“Come, you children, listen to me; I will teach you the fear of the LORD.  Who is the man who desires life, And loves many days, that he may see good?  Keep your tongue from evil, And your lips from speaking deceit.  Depart from evil and do good; Seek peace and pursue it.  The eyes of the LORD are on the righteous, And His ears are open to their cry” (Psalms 34:11-15).
The fear of the Lord, David teaches, leads us to “depart from evil and do good.” When we fear God and embrace righteousness, God opens His ears to our prayers.
“The LORD is near to all who call upon Him, To all who call upon Him in truth.  He will fulfill the desire of those who fear Him; He also will hear their cry and save them” (Psalms 145:18-19).
“(Jesus), in the days of His flesh, when He had offered up prayers and supplications, with vehement cries and tears to Him who was able to save Him from death, and was heard because of His godly fear” (Hebrews 5:7).
God inclines His ear to hear the prayers of those who fear Him.
And when we reject sin and evil out of godly fear, Scripture promises us life.
Remember from Psalm 34, David teaches us the fear of the Lord. He asks in verse 12, “Who is the man who desires life, And loves many days, that he may see good?” Fearing God compels us to live better and living better leads to life.
In Proverbs, Solomon observes how a righteousness rooted in the fear of the Lord extends one’s life.
“The fear of the LORD prolongs days,” he says in 10:27, “But the years of the wicked will be shortened.”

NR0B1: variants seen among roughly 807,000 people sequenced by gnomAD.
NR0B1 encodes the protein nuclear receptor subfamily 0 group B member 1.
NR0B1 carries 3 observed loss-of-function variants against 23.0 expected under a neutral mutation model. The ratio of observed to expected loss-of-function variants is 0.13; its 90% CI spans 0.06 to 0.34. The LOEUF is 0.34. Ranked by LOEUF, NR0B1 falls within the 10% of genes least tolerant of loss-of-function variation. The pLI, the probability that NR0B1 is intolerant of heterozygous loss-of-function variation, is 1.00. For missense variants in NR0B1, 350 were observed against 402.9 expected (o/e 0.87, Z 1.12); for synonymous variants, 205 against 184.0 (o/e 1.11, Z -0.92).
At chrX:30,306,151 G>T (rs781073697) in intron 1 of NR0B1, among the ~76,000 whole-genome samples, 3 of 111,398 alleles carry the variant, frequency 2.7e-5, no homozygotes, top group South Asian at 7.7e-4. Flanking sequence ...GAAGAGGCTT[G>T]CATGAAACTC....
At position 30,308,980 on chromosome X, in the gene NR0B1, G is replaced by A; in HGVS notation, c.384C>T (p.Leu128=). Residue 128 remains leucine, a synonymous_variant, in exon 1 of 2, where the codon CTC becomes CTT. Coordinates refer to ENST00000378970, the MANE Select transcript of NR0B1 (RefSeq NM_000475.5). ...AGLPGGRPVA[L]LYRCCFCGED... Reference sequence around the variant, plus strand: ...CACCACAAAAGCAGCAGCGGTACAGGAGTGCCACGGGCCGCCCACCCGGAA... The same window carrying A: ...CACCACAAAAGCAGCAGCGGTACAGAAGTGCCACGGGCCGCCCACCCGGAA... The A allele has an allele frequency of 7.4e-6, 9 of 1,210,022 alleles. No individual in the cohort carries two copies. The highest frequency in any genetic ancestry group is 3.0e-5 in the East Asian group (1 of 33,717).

“The fear of the LORD is a fountain of life, To turn one away from the snares of death” (Proverbs 14:27).
In the case of Noah, godly fear literally saved his life and the lives of those in his household:
“By faith Noah, being divinely warned of things not yet seen, moved with godly fear, prepared an ark for the saving of his household, by which he condemned the world and became heir of the righteousness which is according to faith” (Hebrews 11:7).
And God gives US life if we fear Him: Hebrews 12 concludes with these words,
“Therefore, since we are receiving a kingdom which cannot be shaken, let us have grace, by which we may serve God acceptably with reverence and godly fear. For our God is a consuming fire” (verses 28-29).
God blesses us when we fear Him. He:
- Teaches us.
- Emboldens us in the face of our enemies.
- Opens His ears to our prayers.
- And He pledges to give us life.
But what about the Scriptures that tell us to not fear?